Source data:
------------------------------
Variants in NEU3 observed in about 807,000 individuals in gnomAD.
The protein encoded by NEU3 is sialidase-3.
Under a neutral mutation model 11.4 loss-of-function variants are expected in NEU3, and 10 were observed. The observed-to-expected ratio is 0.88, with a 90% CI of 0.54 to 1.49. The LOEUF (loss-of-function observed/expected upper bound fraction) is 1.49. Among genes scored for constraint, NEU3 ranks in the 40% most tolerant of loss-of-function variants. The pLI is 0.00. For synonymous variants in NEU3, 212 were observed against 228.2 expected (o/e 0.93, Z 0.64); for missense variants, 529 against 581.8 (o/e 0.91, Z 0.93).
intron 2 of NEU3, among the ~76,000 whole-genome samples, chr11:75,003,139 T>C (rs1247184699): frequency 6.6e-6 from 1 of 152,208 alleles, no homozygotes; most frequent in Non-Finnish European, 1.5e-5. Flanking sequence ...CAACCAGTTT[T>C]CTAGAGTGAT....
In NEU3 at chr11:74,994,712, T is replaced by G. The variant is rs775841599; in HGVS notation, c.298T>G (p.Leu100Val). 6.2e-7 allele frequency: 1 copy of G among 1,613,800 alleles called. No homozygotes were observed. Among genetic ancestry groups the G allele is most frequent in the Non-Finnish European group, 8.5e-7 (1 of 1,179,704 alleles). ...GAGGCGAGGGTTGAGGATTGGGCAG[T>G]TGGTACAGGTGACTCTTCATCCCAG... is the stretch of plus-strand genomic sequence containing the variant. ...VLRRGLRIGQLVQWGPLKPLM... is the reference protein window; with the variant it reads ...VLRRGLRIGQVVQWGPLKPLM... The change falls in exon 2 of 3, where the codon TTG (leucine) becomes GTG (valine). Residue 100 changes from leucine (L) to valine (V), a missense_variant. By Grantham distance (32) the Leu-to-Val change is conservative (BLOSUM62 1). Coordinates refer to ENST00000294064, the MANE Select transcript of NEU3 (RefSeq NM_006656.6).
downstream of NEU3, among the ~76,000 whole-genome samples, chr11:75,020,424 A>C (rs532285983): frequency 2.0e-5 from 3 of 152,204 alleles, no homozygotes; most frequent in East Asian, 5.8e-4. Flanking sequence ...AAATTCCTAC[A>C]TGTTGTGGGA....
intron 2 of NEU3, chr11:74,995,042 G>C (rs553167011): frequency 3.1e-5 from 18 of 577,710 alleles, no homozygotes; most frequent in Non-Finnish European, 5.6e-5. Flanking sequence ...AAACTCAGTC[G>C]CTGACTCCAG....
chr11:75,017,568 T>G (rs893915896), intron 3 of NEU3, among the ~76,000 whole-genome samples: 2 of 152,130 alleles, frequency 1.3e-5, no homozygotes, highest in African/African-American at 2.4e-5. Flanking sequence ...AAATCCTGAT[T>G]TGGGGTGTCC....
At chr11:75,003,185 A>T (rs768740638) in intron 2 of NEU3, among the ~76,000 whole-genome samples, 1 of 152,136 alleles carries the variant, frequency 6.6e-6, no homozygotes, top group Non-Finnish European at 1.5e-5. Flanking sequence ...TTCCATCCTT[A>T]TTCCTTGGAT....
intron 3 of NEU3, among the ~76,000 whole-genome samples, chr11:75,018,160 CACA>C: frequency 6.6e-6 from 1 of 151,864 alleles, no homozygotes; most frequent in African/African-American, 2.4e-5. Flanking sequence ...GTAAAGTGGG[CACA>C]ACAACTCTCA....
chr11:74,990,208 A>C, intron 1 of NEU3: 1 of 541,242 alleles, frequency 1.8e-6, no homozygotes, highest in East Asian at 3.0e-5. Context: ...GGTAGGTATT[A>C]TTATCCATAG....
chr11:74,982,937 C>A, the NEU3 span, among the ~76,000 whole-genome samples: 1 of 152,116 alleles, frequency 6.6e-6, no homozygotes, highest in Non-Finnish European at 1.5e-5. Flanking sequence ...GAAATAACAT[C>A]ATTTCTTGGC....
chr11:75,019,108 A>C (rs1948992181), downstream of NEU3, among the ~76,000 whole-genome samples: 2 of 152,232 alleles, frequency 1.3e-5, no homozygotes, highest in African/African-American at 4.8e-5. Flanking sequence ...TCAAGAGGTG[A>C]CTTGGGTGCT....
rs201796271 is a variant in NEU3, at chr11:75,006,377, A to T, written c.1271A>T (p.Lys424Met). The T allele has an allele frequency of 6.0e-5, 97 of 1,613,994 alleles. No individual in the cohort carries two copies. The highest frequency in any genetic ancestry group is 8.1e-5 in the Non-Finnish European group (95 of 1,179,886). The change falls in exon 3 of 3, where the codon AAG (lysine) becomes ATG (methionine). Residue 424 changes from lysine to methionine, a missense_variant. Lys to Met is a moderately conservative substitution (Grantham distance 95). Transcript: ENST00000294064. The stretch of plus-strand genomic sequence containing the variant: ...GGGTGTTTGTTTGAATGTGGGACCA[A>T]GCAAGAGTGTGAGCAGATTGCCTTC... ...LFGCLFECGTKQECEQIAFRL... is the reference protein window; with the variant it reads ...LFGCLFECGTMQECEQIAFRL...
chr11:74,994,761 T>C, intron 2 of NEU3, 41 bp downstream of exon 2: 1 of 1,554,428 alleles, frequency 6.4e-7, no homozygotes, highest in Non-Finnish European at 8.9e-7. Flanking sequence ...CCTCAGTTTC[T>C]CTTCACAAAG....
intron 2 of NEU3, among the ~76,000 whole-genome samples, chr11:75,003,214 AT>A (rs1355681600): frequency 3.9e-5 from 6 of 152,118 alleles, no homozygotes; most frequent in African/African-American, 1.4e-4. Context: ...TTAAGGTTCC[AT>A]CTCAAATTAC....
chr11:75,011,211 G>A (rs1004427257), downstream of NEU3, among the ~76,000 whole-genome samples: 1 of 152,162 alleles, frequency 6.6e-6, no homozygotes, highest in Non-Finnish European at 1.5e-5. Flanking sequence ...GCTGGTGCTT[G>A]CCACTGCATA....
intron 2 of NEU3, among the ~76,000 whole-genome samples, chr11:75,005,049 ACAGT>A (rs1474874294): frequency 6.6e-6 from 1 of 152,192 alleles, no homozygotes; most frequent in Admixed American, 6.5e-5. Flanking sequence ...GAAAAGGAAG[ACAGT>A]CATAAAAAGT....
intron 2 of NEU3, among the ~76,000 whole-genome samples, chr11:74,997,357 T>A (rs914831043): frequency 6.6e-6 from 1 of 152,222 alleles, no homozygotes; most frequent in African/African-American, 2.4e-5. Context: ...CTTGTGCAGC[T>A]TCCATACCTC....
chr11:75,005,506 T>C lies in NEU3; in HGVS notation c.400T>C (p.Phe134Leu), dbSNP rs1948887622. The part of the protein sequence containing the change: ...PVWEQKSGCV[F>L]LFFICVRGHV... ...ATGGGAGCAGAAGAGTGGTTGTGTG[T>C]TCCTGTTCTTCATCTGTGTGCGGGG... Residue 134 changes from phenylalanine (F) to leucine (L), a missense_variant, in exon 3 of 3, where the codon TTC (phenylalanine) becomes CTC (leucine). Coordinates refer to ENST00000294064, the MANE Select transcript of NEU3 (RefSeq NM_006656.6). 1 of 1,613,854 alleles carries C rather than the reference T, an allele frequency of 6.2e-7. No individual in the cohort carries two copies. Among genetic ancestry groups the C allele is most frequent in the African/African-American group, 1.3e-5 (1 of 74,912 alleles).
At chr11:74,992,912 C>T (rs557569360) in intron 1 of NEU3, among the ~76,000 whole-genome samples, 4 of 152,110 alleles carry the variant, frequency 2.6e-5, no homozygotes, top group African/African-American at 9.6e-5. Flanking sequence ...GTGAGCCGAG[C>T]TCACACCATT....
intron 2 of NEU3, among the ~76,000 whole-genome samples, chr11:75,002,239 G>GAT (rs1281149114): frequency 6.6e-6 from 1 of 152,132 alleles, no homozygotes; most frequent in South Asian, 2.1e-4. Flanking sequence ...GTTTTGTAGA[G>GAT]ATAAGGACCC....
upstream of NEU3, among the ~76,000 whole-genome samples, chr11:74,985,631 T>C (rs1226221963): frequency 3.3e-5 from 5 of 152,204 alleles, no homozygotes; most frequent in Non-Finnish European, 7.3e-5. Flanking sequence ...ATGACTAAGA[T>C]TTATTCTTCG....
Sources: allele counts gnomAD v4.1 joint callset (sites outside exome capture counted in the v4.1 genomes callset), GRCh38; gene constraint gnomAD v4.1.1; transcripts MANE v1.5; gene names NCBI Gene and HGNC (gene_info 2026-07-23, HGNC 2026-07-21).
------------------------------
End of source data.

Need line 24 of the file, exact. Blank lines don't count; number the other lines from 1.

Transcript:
Sources: allele counts gnomAD v4.1 joint callset (sites outside exome capture counted in the v4.1 genomes callset), GRCh38; gene constraint gnomAD v4.1.1; transcripts MANE v1.5; gene names NCBI Gene and HGNC (gene_info 2026-07-23, HGNC 2026-07-21).